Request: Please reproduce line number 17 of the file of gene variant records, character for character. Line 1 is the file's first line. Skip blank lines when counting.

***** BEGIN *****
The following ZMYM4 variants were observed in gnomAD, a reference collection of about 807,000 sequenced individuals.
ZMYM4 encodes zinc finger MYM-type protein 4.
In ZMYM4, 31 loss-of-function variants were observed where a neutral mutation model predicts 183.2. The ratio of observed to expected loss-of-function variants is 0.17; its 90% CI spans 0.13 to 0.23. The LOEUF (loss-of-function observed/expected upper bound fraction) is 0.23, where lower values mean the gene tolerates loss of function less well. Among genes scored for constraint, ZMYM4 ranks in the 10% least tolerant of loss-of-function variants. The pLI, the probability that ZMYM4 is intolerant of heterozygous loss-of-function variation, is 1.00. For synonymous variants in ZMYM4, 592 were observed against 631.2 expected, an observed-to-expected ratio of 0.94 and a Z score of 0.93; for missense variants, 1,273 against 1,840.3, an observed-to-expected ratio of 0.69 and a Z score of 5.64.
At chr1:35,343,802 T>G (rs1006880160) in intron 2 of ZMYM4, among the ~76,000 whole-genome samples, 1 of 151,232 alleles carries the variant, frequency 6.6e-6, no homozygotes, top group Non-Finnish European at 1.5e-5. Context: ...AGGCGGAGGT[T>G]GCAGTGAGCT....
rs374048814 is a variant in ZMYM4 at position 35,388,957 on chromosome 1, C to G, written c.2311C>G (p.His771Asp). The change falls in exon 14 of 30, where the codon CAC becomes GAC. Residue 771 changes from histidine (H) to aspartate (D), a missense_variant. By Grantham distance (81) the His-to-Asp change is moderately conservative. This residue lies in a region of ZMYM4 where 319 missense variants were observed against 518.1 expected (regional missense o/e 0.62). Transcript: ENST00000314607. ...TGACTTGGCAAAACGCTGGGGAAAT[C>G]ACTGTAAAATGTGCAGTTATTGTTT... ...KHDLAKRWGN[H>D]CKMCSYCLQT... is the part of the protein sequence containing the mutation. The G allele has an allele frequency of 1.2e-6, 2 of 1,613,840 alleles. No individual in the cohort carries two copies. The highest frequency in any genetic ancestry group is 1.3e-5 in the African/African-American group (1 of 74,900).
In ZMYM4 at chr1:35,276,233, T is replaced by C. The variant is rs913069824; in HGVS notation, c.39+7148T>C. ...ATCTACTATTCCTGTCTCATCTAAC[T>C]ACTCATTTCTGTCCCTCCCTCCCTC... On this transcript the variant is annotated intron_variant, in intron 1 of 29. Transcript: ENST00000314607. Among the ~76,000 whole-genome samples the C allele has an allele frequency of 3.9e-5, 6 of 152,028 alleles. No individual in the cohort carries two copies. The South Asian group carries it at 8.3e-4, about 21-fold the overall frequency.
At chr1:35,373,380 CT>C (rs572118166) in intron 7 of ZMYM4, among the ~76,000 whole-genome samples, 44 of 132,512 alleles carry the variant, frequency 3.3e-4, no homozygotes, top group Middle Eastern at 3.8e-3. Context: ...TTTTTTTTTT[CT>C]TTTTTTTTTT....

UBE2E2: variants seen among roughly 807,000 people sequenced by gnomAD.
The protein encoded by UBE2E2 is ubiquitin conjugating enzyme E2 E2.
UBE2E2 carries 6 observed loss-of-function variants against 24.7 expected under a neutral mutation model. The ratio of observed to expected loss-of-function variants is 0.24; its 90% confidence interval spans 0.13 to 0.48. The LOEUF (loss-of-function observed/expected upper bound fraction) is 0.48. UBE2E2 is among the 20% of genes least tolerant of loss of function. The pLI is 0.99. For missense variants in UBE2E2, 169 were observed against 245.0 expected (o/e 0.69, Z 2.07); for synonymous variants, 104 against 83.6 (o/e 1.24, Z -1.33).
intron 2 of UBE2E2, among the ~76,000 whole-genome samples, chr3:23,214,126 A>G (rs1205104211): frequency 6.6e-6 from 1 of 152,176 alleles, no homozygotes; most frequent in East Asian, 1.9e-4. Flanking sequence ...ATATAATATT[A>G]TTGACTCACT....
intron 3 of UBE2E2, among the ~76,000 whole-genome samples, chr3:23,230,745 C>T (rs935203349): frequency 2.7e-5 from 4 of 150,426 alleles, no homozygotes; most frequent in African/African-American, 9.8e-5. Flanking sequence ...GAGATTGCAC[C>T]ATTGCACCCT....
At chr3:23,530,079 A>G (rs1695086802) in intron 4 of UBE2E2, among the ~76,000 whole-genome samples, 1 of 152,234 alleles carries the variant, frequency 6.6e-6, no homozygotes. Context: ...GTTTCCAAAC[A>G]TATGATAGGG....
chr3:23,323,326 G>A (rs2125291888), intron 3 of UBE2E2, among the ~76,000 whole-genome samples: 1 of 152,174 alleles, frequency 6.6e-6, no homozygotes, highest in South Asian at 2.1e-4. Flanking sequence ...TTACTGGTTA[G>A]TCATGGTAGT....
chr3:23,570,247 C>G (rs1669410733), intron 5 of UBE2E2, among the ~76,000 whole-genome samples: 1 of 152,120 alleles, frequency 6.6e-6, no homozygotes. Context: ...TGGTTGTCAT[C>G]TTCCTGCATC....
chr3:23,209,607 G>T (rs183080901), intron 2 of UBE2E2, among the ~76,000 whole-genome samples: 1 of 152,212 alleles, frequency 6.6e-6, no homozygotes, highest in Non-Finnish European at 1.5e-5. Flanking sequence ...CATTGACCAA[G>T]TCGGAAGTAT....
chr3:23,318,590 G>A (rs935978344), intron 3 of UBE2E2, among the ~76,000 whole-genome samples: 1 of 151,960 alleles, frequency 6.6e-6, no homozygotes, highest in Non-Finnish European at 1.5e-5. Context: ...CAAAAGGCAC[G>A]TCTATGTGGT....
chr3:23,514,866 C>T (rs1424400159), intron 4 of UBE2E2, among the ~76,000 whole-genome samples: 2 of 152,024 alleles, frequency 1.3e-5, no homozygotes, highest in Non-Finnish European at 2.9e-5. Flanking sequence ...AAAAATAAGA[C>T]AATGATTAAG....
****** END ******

chr3:23,318,590 G>A (rs935978344), intron 3 of UBE2E2, among the ~76,000 whole-genome samples: 1 of 151,960 alleles, frequency 6.6e-6, no homozygotes, highest in Non-Finnish European at 1.5e-5. Context: ...CAAAAGGCAC[G>A]TCTATGTGGT....